Sportbike riders are all about the numbers. Numbers are objective, and we like that because they put a measurable value on the things that appeal to us about sportbikes: power, weight, acceleration, speed. And we can rattle those numbers off like a baseball fan talks statistics. "This bike puts out x horsepower, that bike weighs y pounds, and my bike goes z mph." One number can make or break a bike's sales record, even if actual performance is far superior in other categories than the one represented by just that single measurement.
Let's talk about some numbers related to the two bikes tested here-the '08 Kawasaki ZX-14 and Suzuki GSX1300R Hayabusa-and put them in perspective. Suzuki's '07 GSX-R1000 posted a peak of 158.2 horsepower on our SuperFlow dyno. The Hayabusa makes more than the GSX-R's peak across a 2500-rpm band-almost a quarter of its rev range. Kawasaki's ZX-10R made the most torque of last year's literbikes, measuring 76.4 ft-lb in our shootout. The ZX-14 tops that number-at 3500 rpm, the lowest reading we could get on the dyno. How about thrust, the actual driving force delivered to the rear wheel? In first gear Honda's CBR1000RR makes 775 pounds, more than any other literbike. The ZX-14 and Hayabusa don't quite make that much-in second gear. In first gear, though, they have 30 percent more thrust. You get the idea: These bikes are stronger than literbikes in more ways than peak horsepower numbers alone can show.
We've already sampled the Hayabusa ("Higher 'Busa," Jan. '08) and ZX-14 ("Meaner and Greener," Mar. '08), and those stories outline the full details of each bike's update. But we've been aching to pit them against each other ever since the Geek came back from the intros all googly-eyed with stories of butt-puckering speed and arm-stretching acceleration. What we found after a couple of weeks of flogging is that even though the two bikes share almost identical performance numbers, they couldn't be more different.
You'll notice that difference from the moment you sit on them. Both feel oil-tanker huge after riding a comparative speedboat 600, but the Kawasaki's higher clip-ons and narrower seat make it easier to reach the ground and maneuver in a parking lot. The ZX-14's seat is plusher and, combined with the more upright riding position, makes it more comfortable for longer periods. The Hayabusa has Suzuki's typical-of-late high/forward peg position and low/close clip-ons; if you're comfortable on any of the GSX-Rs you'll feel right at home here. Both bikes start and warm up quickly and easily, although our ZX-14's fairing buzzes at high idle. While the Hayabusa's bodywork fits tightly and looks sleek, we're not looking forward to finding all the hidden fasteners when it needs to be removed.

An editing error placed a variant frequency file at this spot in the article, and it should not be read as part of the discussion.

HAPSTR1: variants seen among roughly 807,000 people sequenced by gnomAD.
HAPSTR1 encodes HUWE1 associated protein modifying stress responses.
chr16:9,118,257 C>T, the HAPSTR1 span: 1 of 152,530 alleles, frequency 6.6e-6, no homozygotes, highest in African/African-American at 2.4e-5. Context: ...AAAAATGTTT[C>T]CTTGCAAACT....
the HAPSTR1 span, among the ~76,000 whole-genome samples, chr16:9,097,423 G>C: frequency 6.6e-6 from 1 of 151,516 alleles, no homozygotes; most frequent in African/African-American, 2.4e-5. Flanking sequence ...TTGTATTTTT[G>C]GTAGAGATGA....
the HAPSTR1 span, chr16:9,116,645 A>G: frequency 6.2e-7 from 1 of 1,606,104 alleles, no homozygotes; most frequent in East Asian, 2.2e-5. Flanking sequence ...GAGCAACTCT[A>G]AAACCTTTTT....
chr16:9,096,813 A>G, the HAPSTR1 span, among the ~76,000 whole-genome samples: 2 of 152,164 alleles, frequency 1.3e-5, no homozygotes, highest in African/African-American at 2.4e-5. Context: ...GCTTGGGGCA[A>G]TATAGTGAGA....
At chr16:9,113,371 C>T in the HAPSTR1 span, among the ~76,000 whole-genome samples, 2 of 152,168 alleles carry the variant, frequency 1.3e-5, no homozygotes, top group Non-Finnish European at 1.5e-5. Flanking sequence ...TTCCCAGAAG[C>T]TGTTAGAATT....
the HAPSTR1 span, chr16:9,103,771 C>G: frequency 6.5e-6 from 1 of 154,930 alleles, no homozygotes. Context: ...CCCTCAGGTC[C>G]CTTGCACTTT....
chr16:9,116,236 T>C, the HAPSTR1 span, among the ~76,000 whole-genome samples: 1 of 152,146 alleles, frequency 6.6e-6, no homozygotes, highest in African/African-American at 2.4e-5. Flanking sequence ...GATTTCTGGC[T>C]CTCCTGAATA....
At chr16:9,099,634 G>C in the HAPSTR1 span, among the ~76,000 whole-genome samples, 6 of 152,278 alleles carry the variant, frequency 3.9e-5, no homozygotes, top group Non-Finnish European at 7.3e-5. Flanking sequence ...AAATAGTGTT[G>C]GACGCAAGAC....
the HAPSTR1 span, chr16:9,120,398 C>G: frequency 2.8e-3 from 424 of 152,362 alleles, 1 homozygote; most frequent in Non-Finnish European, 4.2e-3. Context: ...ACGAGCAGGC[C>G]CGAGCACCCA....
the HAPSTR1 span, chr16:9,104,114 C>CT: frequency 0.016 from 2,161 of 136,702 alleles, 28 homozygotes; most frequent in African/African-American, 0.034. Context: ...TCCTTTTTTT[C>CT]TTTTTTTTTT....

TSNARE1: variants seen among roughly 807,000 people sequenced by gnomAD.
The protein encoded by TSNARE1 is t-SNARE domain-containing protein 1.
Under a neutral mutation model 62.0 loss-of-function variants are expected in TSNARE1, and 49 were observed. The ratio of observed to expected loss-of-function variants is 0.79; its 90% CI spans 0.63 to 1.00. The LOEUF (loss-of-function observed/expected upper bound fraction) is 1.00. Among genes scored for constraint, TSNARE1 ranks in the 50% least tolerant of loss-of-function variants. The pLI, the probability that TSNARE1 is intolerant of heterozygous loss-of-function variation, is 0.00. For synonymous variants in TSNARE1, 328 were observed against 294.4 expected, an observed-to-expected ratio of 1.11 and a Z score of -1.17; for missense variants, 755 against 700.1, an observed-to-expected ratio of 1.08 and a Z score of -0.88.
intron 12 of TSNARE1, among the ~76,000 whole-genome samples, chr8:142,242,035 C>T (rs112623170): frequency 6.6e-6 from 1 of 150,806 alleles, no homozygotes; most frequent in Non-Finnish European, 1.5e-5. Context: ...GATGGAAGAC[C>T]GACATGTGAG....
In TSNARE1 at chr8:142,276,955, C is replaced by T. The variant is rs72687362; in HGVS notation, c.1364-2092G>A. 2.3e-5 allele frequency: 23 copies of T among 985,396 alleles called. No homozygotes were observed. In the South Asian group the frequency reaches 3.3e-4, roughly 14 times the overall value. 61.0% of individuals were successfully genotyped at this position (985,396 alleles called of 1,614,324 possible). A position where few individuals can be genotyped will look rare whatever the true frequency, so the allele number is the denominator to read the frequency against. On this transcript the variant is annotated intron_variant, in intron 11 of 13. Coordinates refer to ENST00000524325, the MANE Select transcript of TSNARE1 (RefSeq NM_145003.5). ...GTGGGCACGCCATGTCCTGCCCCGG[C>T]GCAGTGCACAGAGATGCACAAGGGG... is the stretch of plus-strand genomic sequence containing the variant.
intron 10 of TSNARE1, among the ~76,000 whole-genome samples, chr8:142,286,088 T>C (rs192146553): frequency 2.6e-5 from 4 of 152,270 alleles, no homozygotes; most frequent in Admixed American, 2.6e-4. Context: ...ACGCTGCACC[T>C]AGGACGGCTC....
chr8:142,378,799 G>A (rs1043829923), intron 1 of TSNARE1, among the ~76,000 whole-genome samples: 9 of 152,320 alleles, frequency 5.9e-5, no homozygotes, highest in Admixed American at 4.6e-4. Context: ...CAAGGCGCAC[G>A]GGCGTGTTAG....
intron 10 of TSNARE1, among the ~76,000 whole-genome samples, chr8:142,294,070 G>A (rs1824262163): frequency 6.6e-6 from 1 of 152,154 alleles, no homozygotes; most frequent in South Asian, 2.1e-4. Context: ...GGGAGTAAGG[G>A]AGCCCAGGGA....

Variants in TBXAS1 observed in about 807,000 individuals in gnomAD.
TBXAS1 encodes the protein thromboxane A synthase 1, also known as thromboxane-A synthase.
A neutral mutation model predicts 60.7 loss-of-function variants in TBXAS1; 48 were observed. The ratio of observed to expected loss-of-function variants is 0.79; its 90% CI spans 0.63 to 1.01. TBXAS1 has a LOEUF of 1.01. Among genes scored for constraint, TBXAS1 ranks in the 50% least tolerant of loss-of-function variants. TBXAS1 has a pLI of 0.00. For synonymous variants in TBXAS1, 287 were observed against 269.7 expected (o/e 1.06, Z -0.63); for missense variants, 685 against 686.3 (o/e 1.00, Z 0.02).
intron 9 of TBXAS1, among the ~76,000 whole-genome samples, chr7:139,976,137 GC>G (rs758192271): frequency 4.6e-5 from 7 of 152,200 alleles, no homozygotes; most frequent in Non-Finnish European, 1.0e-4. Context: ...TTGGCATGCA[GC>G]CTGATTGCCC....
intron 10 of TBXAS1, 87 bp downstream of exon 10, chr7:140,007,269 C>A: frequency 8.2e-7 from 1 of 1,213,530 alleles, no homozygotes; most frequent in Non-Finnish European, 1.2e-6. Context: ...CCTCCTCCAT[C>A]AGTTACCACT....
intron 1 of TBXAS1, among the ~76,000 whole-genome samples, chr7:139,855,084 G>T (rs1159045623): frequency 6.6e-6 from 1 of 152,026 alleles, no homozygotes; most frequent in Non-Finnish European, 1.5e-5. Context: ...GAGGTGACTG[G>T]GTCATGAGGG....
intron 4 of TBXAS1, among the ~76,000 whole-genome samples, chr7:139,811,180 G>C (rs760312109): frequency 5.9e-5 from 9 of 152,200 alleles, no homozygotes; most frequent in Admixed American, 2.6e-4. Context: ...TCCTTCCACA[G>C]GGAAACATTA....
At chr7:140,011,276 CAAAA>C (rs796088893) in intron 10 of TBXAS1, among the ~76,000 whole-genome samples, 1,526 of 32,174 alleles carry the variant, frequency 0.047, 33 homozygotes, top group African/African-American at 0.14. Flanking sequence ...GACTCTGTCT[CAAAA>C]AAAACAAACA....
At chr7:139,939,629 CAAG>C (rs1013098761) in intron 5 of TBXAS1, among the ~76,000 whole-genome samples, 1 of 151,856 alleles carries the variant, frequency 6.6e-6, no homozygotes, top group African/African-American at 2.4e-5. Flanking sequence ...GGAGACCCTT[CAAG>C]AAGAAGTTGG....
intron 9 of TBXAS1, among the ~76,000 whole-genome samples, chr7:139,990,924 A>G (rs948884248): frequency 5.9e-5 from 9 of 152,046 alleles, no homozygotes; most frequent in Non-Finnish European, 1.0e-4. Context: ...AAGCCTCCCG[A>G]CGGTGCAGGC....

Around town it's a toss-up as to which bike is our favorite. Both are surprisingly a bit soft below 3500 rpm ("soft" being a relative term when you consider that at that rpm the 'Busa and ZX are making more torque than a Ducati 1098 does at its peak) but will idle away from a light with little effort. Both run warm in town and spill hot air on your legs, even on cool days. And both have clunky transmissions that can feel like big parts are moving around inside-as they surely are. The Suzuki is characterized by crisp throttle response, light, neutral steering and brakes that are numb at low speeds. The Kawasaki feels just as peppy but steers heavily at low speeds and has one-finger brakes that are easily modulated. Either bike would be fine for the daily grind.
When it comes to a longer freeway commute, the ZX-14 is clearly preferable. More upright ergos, softer suspension and a comfy seat make running through a tankful of fuel relatively painless. Surprisingly neither bike impressed us with wind protection; the Suzuki's low screen allows more of the windblast to hit you but with little buffeting. The Kawasaki's taller, narrower screen makes for more buffeting, especially on your shoulders. The dual-counterbalanced ZX motor is smoother than the Hayabusa's single-counterbalanced mill. At less than 4500 rpm the Suzuki is almost as smooth, but above that mark it shakes enough that you'll want to limit cruising speed to a single-point ticket rather than a misdemeanor. Range on both bikes is about equal. The ZX-14's poorer fuel mileage and larger tank give a maximum of 168 miles compared with the Hayabusa's better mileage and smaller tank that equate to 182 miles (175 with the California model's even smaller tank).
Aggressive canyon runs will reveal more disparities between the bikes. The Kawasaki's suspension, plush and soft in town and on the freeway, allows the bike to pitch about and even bottom over rougher pavement. The Suzuki's stiffer boingers may make for a more jarring ride on the freeway and in town, but you'll welcome their composure in a rutted-out sweeper at triple-digit speeds. We didn't need to mess with the Hayabusa's suspension much, but it seemed we were constantly changing the Kawasaki's to juggle geometry, pitching and bottoming.